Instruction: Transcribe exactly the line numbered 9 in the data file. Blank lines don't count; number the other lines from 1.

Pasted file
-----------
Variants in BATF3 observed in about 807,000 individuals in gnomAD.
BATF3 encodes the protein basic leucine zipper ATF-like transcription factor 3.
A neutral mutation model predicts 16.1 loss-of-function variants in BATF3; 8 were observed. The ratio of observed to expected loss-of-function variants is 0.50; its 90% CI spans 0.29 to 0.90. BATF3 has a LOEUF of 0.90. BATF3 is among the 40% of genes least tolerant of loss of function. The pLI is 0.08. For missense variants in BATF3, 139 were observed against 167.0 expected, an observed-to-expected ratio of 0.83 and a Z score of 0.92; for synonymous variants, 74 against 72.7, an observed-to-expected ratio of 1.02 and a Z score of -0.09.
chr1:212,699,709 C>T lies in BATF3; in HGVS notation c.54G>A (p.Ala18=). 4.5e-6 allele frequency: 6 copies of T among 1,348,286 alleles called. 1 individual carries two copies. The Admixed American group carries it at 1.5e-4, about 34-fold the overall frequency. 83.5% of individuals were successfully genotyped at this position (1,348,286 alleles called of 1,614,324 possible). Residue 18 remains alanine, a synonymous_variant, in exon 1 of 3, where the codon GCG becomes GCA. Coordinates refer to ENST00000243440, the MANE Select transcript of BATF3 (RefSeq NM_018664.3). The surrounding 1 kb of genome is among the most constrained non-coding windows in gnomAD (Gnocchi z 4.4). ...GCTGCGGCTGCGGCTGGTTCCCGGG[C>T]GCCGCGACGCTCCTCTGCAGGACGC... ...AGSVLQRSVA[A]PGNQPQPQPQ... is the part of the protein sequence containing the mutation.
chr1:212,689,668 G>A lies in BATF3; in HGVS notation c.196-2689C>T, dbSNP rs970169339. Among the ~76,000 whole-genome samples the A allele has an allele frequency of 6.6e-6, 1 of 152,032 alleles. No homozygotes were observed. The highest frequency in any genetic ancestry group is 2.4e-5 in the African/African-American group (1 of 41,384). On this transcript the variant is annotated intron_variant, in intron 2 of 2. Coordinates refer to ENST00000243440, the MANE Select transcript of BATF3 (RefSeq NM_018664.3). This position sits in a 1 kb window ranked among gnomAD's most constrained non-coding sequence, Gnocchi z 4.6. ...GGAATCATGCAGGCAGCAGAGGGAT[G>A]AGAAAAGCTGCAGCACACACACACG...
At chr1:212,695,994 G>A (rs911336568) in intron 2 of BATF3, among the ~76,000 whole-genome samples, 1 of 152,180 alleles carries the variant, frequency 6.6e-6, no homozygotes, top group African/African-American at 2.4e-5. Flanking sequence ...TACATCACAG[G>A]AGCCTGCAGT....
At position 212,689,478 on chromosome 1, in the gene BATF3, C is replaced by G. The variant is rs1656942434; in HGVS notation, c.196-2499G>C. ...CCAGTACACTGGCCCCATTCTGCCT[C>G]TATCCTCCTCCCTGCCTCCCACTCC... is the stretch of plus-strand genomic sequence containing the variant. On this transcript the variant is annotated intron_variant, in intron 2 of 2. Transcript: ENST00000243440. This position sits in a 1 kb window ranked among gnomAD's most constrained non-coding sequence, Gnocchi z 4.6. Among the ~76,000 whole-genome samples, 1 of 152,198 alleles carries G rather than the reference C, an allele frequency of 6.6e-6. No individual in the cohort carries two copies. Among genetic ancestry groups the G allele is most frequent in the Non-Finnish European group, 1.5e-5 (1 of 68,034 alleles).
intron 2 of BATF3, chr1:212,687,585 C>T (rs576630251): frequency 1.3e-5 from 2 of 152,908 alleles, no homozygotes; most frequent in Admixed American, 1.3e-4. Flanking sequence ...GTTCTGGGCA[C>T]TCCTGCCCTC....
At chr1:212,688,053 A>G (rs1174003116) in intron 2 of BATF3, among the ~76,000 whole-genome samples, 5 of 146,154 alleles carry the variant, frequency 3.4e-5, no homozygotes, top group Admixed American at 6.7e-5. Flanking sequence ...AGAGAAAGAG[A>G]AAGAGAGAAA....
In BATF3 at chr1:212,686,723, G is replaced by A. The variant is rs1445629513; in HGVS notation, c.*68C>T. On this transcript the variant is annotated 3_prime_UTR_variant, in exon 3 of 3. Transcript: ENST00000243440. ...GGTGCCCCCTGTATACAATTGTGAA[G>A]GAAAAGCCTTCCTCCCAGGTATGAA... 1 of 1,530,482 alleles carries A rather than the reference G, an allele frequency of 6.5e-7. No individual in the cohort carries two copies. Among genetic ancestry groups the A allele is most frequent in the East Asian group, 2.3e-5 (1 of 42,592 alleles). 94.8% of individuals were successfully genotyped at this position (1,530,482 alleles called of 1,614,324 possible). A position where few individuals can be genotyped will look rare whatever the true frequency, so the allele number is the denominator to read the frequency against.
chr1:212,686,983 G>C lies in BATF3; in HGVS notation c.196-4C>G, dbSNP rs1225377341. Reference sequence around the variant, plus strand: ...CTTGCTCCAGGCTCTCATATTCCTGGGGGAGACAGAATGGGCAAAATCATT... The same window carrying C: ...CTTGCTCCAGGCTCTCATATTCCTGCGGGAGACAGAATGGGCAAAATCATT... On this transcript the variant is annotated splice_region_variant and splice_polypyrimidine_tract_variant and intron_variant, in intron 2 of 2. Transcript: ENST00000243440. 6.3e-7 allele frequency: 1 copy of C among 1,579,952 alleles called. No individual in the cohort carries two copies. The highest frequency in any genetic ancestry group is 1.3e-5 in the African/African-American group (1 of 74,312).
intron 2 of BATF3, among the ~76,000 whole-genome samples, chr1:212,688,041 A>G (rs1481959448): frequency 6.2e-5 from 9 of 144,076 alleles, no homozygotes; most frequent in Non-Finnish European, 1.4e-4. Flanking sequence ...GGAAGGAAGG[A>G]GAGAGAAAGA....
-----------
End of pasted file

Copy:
At chr1:212,688,053 A>G (rs1174003116) in intron 2 of BATF3, among the ~76,000 whole-genome samples, 5 of 146,154 alleles carry the variant, frequency 3.4e-5, no homozygotes, top group Admixed American at 6.7e-5. Flanking sequence ...AGAGAAAGAG[A>G]AAGAGAGAAA....